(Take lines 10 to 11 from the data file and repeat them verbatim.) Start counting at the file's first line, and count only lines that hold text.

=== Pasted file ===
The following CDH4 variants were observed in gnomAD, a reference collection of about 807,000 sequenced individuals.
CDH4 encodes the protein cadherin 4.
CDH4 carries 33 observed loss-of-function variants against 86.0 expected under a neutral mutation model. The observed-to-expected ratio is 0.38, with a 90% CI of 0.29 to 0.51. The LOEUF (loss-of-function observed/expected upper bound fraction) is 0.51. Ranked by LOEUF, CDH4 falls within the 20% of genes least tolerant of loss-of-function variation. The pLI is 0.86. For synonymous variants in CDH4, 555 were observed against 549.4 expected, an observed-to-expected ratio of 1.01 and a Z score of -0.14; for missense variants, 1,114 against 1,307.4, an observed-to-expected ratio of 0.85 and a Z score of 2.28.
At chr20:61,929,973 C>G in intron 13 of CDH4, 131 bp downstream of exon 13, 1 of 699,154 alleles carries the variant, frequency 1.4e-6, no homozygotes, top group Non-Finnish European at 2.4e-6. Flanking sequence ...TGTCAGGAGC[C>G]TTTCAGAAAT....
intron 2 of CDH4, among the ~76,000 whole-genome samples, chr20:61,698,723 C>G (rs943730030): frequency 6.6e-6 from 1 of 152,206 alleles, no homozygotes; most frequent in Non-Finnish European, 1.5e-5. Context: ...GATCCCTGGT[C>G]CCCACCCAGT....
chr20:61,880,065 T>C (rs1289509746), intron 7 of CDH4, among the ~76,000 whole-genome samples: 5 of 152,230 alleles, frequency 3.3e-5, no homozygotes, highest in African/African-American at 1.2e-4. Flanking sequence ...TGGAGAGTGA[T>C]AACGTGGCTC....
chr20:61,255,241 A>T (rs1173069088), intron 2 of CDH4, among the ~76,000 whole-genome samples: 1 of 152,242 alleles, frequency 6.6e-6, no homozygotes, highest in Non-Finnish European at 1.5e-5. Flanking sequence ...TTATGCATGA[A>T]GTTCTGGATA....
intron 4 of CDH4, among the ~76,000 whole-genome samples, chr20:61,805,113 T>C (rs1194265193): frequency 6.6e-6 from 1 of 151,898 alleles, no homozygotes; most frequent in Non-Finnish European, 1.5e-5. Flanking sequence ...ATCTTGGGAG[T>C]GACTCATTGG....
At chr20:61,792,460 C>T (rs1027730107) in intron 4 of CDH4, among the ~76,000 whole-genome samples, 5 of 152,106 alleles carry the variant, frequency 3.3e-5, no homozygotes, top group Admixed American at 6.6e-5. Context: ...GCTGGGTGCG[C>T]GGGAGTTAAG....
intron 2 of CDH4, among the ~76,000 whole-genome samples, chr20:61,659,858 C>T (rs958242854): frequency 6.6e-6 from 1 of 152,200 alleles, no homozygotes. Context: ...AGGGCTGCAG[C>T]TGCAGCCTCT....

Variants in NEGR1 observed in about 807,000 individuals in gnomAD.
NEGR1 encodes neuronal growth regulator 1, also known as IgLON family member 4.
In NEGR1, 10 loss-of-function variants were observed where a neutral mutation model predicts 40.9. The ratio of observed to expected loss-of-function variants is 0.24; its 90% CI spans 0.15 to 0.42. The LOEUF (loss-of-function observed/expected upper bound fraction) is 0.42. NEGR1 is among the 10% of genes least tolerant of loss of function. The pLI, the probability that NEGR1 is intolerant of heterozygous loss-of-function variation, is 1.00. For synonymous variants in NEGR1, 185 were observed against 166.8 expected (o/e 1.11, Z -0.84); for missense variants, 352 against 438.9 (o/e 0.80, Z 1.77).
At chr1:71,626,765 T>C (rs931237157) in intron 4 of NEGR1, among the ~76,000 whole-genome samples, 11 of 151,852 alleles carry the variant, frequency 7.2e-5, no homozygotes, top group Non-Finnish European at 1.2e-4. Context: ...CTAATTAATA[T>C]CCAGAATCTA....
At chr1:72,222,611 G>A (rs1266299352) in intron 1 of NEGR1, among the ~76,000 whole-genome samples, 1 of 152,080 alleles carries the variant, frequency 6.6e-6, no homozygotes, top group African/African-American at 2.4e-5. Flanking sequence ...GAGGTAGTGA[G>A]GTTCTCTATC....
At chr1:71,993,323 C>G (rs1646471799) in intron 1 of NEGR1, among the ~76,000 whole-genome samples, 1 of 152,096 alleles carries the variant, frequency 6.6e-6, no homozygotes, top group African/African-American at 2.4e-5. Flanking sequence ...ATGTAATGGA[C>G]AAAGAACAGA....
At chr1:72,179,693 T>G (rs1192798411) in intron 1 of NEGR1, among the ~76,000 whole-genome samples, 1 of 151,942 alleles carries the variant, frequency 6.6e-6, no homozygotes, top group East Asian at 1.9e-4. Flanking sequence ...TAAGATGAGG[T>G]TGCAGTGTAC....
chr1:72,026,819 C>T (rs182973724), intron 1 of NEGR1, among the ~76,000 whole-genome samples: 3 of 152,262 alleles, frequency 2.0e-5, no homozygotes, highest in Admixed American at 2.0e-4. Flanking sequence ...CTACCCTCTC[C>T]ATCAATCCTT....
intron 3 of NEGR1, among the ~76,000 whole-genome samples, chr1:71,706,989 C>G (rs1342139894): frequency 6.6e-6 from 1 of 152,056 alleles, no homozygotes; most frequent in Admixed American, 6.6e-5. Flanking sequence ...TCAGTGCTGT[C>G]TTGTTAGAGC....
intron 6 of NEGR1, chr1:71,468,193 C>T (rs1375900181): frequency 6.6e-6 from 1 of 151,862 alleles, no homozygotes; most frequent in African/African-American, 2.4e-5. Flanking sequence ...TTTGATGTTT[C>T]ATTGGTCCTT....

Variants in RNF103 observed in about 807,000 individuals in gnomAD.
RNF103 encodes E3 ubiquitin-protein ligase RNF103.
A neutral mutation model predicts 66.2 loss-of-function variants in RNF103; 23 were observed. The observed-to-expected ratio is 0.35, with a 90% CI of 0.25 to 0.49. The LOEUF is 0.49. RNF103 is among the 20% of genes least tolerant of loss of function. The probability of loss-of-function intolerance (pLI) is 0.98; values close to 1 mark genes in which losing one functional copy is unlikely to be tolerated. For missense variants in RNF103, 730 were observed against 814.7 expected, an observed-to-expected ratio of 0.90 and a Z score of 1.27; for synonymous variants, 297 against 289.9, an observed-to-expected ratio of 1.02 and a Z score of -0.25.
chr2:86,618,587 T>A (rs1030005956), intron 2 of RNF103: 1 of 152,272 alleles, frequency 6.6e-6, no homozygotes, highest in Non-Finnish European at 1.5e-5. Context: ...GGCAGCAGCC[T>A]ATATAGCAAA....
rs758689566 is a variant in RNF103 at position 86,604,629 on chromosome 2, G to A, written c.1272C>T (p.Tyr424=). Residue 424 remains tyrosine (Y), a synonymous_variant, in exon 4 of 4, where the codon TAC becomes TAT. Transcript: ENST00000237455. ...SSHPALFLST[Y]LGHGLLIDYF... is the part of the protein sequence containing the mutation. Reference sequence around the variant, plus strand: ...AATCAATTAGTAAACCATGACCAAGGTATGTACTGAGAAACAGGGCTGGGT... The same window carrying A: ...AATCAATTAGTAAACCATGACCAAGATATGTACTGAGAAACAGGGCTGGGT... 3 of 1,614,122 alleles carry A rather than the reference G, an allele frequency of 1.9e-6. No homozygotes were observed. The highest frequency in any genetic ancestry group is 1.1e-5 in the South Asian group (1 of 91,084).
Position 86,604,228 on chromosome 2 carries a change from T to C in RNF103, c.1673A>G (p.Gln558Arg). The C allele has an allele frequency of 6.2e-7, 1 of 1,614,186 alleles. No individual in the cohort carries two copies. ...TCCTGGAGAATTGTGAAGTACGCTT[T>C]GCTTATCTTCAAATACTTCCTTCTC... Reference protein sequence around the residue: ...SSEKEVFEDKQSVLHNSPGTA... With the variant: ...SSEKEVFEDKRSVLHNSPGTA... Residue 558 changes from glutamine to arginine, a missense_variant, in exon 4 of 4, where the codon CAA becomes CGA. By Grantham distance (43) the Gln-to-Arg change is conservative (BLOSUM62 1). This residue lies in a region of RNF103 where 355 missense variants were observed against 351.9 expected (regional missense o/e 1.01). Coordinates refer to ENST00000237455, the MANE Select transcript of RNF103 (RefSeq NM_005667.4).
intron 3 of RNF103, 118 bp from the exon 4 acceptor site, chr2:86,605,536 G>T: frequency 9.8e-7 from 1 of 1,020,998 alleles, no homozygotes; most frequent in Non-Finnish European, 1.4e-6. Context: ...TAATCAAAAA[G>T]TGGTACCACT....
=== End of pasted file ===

intron 2 of CDH4, among the ~76,000 whole-genome samples, chr20:61,659,858 C>T (rs958242854): frequency 6.6e-6 from 1 of 152,200 alleles, no homozygotes. Context: ...AGGGCTGCAG[C>T]TGCAGCCTCT....

Variants in NEGR1 observed in about 807,000 individuals in gnomAD.